A study of nearly 500 men suggests that shrinking the prostate without surgery can provide long-term relief to men with this common condition that causes annoying symptoms, such as frequent trips to the bathroom.
According to research being presented at the Society of Interventional Radiology's 39th Annual Scientific Meeting, 72 percent of men experienced symptom improvement three years after having a new, minimally invasive, image-guided treatment performed by interventional radiologists called prostate artery embolization (PAE).
"The results of prostate artery embolization (PAE) are similar to surgery but with fewer complications," said Martins Pisco, M.D., Ph.D., lead author of the study and director of radiology at Saint Louis Hospital, Lisbon, Portugal. "Patients are discharged three to six hours after the treatment with most of the individuals we've treated noting almost immediate symptom relief," he said, adding, "I believe PAE could eventually become standard treatment for enlarged prostate."
As a man ages, the prostate gland slowly grows bigger (or enlarges) and may press on the urethra and cause the flow of urine to be slower and less forceful. Enlarged prostates cause urinary frequency, urgency, passing urine more often (particularly at night), weakened stream and incomplete bladder emptying.
"Such symptoms can have significant negative impact in quality of life, leading many men to seek treatment," said Pisco, noting that this condition affects more than half of men by age 60. The standard treatment for benign prostatic hyperplasia or BPH, which is the medical name for enlarged prostate, is surgery, which requires general anesthesia and can cause complications, such as urinary incontinence, sexual dysfunction, impotence and retrograde ejaculation, in which semen enters into the bladder. PAE, which can be performed under local anesthesia, involves temporarily blocking blood flow to the arteries that supply the prostate, a treatment called embolization, explained Pisco.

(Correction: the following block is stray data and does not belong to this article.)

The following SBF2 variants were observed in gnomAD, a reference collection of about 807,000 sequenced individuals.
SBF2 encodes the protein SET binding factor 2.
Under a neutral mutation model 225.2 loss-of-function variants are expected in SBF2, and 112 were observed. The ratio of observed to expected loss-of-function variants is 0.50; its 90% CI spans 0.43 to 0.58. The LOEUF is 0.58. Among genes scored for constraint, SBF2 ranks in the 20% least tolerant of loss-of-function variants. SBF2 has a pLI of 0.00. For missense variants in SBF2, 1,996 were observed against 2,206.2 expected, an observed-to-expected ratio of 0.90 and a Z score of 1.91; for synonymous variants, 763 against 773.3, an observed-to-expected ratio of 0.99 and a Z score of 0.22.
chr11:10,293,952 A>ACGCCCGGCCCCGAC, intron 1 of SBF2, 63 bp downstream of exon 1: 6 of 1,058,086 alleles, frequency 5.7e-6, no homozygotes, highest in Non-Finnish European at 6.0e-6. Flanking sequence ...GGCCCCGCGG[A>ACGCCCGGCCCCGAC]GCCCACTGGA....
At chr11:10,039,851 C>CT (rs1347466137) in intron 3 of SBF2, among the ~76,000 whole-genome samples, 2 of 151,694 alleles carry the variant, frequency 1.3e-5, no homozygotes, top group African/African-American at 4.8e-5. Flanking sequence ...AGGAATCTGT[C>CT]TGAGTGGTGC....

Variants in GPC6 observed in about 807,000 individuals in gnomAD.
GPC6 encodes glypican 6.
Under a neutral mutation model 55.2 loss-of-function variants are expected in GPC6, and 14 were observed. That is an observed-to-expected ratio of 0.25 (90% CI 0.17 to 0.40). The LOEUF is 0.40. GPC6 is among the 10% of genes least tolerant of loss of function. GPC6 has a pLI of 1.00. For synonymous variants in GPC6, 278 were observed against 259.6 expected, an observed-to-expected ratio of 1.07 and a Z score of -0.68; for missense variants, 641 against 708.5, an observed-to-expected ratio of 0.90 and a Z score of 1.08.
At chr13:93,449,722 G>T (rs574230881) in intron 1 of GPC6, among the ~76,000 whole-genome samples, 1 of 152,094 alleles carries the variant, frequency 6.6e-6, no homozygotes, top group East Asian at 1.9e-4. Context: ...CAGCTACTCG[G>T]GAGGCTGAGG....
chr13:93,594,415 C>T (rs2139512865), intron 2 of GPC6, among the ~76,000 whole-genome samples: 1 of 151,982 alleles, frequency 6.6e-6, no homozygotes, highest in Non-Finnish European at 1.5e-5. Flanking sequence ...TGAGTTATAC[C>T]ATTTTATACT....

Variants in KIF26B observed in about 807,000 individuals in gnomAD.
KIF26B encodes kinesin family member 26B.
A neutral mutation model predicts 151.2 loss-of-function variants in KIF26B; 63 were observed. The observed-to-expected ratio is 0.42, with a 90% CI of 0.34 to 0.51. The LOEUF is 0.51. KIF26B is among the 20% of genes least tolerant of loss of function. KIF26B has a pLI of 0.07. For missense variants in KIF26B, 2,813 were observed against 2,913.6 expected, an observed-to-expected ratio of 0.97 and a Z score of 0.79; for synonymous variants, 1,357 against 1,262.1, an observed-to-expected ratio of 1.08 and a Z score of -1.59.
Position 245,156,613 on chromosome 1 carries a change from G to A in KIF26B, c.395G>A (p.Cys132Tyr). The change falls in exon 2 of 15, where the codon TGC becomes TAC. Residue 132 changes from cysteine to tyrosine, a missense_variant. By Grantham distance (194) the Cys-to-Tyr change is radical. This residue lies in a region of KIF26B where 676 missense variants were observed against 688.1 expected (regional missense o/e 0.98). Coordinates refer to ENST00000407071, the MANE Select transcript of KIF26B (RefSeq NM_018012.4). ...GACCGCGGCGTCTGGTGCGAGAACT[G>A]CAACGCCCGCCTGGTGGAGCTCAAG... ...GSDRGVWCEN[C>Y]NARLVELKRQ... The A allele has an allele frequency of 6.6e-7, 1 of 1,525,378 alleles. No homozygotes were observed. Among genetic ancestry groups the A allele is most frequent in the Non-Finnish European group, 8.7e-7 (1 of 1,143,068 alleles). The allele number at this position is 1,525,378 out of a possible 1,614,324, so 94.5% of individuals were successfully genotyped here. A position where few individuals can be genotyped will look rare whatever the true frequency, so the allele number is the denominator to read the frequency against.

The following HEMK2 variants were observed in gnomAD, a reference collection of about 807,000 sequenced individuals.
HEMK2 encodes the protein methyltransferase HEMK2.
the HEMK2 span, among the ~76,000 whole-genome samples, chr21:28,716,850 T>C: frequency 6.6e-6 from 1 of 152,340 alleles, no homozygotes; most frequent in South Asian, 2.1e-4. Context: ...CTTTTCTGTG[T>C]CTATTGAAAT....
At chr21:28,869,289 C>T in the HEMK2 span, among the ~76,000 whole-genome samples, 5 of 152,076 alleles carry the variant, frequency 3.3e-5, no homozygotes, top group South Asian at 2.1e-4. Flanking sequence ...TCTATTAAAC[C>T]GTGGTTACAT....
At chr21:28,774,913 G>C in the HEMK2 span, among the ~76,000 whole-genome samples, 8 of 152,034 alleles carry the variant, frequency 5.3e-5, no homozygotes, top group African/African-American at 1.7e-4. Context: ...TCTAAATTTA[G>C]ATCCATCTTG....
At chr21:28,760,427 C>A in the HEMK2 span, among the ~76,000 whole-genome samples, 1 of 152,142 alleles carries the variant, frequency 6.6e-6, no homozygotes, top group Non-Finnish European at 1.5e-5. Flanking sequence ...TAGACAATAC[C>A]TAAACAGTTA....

"Our study confirmed that PAE does not cause sexual dysfunction and preserves fertility," said Pisco, who indicated that this is the largest study of its kind. In fact, 148 (31.6 percent) of our treated patients reported improved sexual function, he noted. "We also found that the larger the prostate and the more severe the symptoms are, the better the results of PAE," said Pisco.
Success rates in 469 patients (ages 45−89) treated with PAE were as follows: 87.2 percent at three months, 80.2 percent at 18 months and 72.3 percent at three years. One patient suffered from lack of blood flow to the bladder wall that was corrected by surgery, and one patient had pain that lasted three months. In cases where the problem recurred, it often could be re-treated with PAE, Pisco said.
With PAE, an interventional radiologist makes a tiny incision in the groin and advances a small tube, called a catheter, to the prostate artery. Microscopic beads are released into the artery, where they lodge and temporarily block blood flow to the prostate, causing it to shrink. PAE currently is the focus of several U.S. trials.
"These results are very promising for American men," said SIR President-elect James B. Spies, M.D., MPH, FSIR. Spies, who is a principal investigator on one the ongoing U.S. PAE trials, noted that this treatment is an advanced embolization procedure requiring rigorous training and a detailed knowledge of the prostate anatomy and surrounding vessels. "Interventional radiologists are leaders in bringing forth new treatments such as these responsibly," said Spies, chair of the radiology department at Medstar Georgetown University Hospital and professor of radiology at Georgetown University Medical Center in Washington, D.C. He noted that additional study is needed to further establish the safety, efficacy and durability of this treatment before it will become broadly available in clinical practice.